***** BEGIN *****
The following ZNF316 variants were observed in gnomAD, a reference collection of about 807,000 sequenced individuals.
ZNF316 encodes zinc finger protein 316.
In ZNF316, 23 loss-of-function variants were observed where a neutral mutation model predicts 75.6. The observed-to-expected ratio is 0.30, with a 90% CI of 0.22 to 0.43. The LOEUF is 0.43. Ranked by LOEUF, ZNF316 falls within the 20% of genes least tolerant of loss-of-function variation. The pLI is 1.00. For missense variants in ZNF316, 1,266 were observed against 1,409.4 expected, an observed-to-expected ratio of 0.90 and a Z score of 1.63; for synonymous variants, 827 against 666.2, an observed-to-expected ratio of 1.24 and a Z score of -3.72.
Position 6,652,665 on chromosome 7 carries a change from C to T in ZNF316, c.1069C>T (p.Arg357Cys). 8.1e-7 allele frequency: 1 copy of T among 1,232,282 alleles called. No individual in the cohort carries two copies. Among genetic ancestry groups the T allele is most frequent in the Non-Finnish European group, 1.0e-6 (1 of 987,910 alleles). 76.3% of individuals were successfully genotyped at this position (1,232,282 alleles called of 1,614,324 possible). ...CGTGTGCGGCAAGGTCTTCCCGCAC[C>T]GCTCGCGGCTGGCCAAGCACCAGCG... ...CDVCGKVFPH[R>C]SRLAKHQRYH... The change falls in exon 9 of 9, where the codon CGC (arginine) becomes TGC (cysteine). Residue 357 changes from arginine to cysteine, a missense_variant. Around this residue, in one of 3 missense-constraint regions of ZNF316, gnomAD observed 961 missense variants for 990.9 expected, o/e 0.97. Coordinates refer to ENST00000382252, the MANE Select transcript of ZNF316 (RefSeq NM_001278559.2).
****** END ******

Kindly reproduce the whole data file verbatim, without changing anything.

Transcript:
The following ZNF316 variants were observed in gnomAD, a reference collection of about 807,000 sequenced individuals.
ZNF316 encodes zinc finger protein 316.
In ZNF316, 23 loss-of-function variants were observed where a neutral mutation model predicts 75.6. The observed-to-expected ratio is 0.30, with a 90% CI of 0.22 to 0.43. The LOEUF is 0.43. Ranked by LOEUF, ZNF316 falls within the 20% of genes least tolerant of loss-of-function variation. The pLI is 1.00. For missense variants in ZNF316, 1,266 were observed against 1,409.4 expected, an observed-to-expected ratio of 0.90 and a Z score of 1.63; for synonymous variants, 827 against 666.2, an observed-to-expected ratio of 1.24 and a Z score of -3.72.
Position 6,652,665 on chromosome 7 carries a change from C to T in ZNF316, c.1069C>T (p.Arg357Cys). 8.1e-7 allele frequency: 1 copy of T among 1,232,282 alleles called. No individual in the cohort carries two copies. Among genetic ancestry groups the T allele is most frequent in the Non-Finnish European group, 1.0e-6 (1 of 987,910 alleles). 76.3% of individuals were successfully genotyped at this position (1,232,282 alleles called of 1,614,324 possible). ...CGTGTGCGGCAAGGTCTTCCCGCAC[C>T]GCTCGCGGCTGGCCAAGCACCAGCG... ...CDVCGKVFPH[R>C]SRLAKHQRYH... The change falls in exon 9 of 9, where the codon CGC (arginine) becomes TGC (cysteine). Residue 357 changes from arginine to cysteine, a missense_variant. Around this residue, in one of 3 missense-constraint regions of ZNF316, gnomAD observed 961 missense variants for 990.9 expected, o/e 0.97. Coordinates refer to ENST00000382252, the MANE Select transcript of ZNF316 (RefSeq NM_001278559.2).